Dr. Barbara Handelin will talk on genetic science at The Belfry on Tuesday, October 23. photo provided
Dr. Barbara Handelin will talk on genetic science at The Belfry on Tuesday, October 23. photo provided

Your 5-year-old daughter scrambles up to the top porch rail and, without hesitation, jumps onto the grass below. You gulp; she lands safely, pumping her fist in triumph. "She's just like her father," you sigh.

Is she? Are genetics that predictive of risky behavior? How about her little brother, who at three insists on stacking his Legos by color in neat rows, all exactly the same height. You wonder if your propensity for alphabetizing spices could help explain his behavior.

On the other hand, the children have watched their father do some crazy stuff and they know you like the silverware drawer kept perfectly neat, knife blades aligned to the left.

So - nature or nurture? It's a question that has burdened great thinkers for thousands of years. Genetic scientists may be closing in on some surprising answers.

Over the past 30 years, Dr. Barbara Handelin has been at the forefront of genetic science, guiding research on the human genome toward practical applications in medicine. She recalls the thrill of the first cloning work to isolate genes that cause devastating illnesses such as Huntington's disease and cystic fibrosis; concerned with the ethics of gene therapy, she worried her way through the first craze to push such therapy into clinical trials.

Dr. Handelin will share her thoughts on the current state of genetic science at The Belfry on Tuesday, October 23 for the second lecture in the 2018-19 Frontiers in Science series, sponsored by the Sisters Science Club.

Her curiosity about the influence of genetics on human life is unlimited.

"I marvel at how we really are forced to look at how all of our traits, including some that were thought to be purely nurture - like obsessive behavior and risk-taking - may be more nature after all," Dr. Handelin says.

She is also intrigued by the way DNA can be "reverse analyzed" to reveal a physical profile of a person so clear and detailed that it could be described as a calling card that is always left behind to be collected, analyzed and stored. As a result, the National DNA Index in the United States now contains information from more than 16 million people and has been used to aid in over 387,000 investigations, an important tool in counter-intelligence operations and "cold-crime" detective work.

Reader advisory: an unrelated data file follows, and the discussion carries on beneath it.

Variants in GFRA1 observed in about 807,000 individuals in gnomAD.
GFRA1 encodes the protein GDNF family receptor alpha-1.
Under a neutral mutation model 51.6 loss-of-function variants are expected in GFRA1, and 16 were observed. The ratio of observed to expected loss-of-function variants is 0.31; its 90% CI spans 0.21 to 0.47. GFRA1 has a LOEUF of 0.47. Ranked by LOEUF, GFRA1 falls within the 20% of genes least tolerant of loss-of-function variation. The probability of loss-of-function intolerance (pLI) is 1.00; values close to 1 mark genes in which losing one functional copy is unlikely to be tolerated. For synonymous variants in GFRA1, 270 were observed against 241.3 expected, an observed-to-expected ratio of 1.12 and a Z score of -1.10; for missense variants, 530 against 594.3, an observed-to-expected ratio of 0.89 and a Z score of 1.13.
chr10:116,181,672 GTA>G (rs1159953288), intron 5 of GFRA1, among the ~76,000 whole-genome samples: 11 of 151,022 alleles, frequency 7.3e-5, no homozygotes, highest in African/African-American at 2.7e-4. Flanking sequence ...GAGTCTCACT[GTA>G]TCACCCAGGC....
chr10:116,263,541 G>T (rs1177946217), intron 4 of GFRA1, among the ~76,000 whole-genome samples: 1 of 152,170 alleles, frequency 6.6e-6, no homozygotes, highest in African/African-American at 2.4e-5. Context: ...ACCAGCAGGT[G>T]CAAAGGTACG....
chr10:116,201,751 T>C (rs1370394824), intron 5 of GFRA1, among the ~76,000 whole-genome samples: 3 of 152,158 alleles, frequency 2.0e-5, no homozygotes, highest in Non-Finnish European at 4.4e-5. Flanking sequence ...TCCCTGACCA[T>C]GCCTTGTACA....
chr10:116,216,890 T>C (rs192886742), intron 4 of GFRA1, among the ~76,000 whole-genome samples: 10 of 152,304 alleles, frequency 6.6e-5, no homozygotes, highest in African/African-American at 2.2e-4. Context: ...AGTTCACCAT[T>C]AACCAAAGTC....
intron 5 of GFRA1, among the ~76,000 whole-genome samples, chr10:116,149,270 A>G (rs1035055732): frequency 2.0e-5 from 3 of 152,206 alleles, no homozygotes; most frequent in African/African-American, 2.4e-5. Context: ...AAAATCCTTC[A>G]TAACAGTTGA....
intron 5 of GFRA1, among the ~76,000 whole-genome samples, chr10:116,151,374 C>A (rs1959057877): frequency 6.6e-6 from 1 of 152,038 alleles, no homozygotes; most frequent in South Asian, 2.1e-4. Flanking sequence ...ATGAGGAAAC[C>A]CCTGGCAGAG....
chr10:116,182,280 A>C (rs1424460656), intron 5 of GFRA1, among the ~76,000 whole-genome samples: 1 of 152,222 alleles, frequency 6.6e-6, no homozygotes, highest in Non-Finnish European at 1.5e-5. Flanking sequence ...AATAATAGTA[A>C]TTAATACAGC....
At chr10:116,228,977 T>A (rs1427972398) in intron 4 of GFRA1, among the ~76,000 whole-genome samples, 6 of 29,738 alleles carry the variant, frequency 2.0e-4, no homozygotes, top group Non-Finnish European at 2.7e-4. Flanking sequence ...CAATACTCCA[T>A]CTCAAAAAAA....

Whether determined by nature or nurture, one of Dr. Handelin's most obvious traits is a love of science and medicine. After earning her doctorate from the OHSU School of Medicine in 1987, Dr. Handelin led the establishment of what became the largest commercial DNA testing lab in the world at Integrated Genetics (later Genzyme Genetics). As lab director, she was a principal advisor to clinical lab regulators on developing standards for clinical DNA testing, a founder of a leadership group on developing ethical standards for genetic testing, and among the first dozen medical geneticists to be board-certified by the American College of Medical Genetics in Molecular and Biochemical Genetics.

Since 1995, her solo consulting practice has provided services to venture capital investors, C-level managers of new technology companies, and senior business development executives in biotechnology, diagnostics, genomics, pharmacogenetics and bioinformatics companies and biomedical universities.

Dr. Handelin's lecture, "The Good, the Ugly, the Curious: Everything is Genetic," starts at 7 p.m. at The Belfry, with an introduction by genetics counselor Barbara Pettersen of Bend. Social hour begins at 6:15 p.m. (note the new time) with light fare, beer, and wine available. Admission is $5; teachers and students are admitted free. The Belfry is located at 302 E. Main Ave.

For more information on the Sisters Science Club: www.sistersscienceclub.org; scienceinsisters@gmail.com.